Also, this week, in the opinion of The Real Estate Institute of Australia, residential property markets have bottomed and there is anecdotal evidence that property markets are now consolidating. This is in line with what we have been suggesting in recent editions (you heard it here first). Auction clearance rates are a great barometer and this week’s results certainly confirm this market positioning. Markets recording sales evidence above 80 per cent are considered booming markets.

What didn’t happen in the Mosman housing market in 2009 was a capitulation of values. The presumption that every second home was on the market never came to fruition and in 2009 it was not 50 per cent, rather 2.75 per cent. Here is a three year snapshot of Mosman house sales from 1 January to 23 June 2007, 2008 and 2009.

    1 January 2007 to 23 June 2007

  • Total recorded sales – 215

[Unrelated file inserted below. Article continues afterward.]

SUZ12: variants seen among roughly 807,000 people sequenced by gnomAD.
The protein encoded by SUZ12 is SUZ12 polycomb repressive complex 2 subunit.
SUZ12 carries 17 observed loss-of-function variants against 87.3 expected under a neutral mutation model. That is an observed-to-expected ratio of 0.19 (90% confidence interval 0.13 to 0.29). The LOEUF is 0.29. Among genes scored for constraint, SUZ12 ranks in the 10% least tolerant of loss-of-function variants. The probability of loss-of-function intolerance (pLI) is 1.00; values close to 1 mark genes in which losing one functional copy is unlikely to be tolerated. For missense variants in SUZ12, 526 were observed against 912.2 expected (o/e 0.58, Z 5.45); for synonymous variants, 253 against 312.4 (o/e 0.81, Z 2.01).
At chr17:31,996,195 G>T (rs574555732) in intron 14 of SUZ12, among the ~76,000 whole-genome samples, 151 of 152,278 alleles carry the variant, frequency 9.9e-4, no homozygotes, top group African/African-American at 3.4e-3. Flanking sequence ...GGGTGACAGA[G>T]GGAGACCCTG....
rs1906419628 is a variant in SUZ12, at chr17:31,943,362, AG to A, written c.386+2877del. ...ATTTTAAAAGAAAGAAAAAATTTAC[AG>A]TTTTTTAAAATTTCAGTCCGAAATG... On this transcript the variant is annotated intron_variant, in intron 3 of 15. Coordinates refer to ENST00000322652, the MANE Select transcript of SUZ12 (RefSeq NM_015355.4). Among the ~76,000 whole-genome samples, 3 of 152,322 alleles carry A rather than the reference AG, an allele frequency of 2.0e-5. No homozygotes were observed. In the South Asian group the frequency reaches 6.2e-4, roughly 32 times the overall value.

• Total sales value – $573,794,220
  • Median house price – $2,230,000
  • Average Mosman house price – $2,668,810
  • .

    1 January 2008 to 23 June 2008

  • Total recorded sales – 160
  • Total sales value – $452,066,112
  • Median house price – $2,530,000
  • Average Mosman house price – $2,861,177
  • (Note: less sales higher median and average price)

    1 January 2009 to 23 June 2009

  • Total recorded sales – 95*
  • Total sales value – $218,141,001
  • Median house price – $1,780,000
  • Average Mosman house price – $2,134,602

*Our recent sales have not been included in the 2009 figures as yet

Now this is where it gets interesting – for Richardson & Wrench Mosman & Neutral Bay (RWM) sales data.

RWM sales in June 2007 – $18,836,000
RWM sales in June 2008 – $19,815,000
RWM sales in June 2009 – $51,038,200

The reason for this amazing result (given the current GFC) is quite simple. Our point of difference is our online positioning. The number of online and email newsletters has jumped over the last five years, increasing by 475 per cent, while print (only newsletters decreased 43 per cent from 7,395 to 4,180) and those in both print and electronic formats remained about the same (4,859, vs. 4,949), according to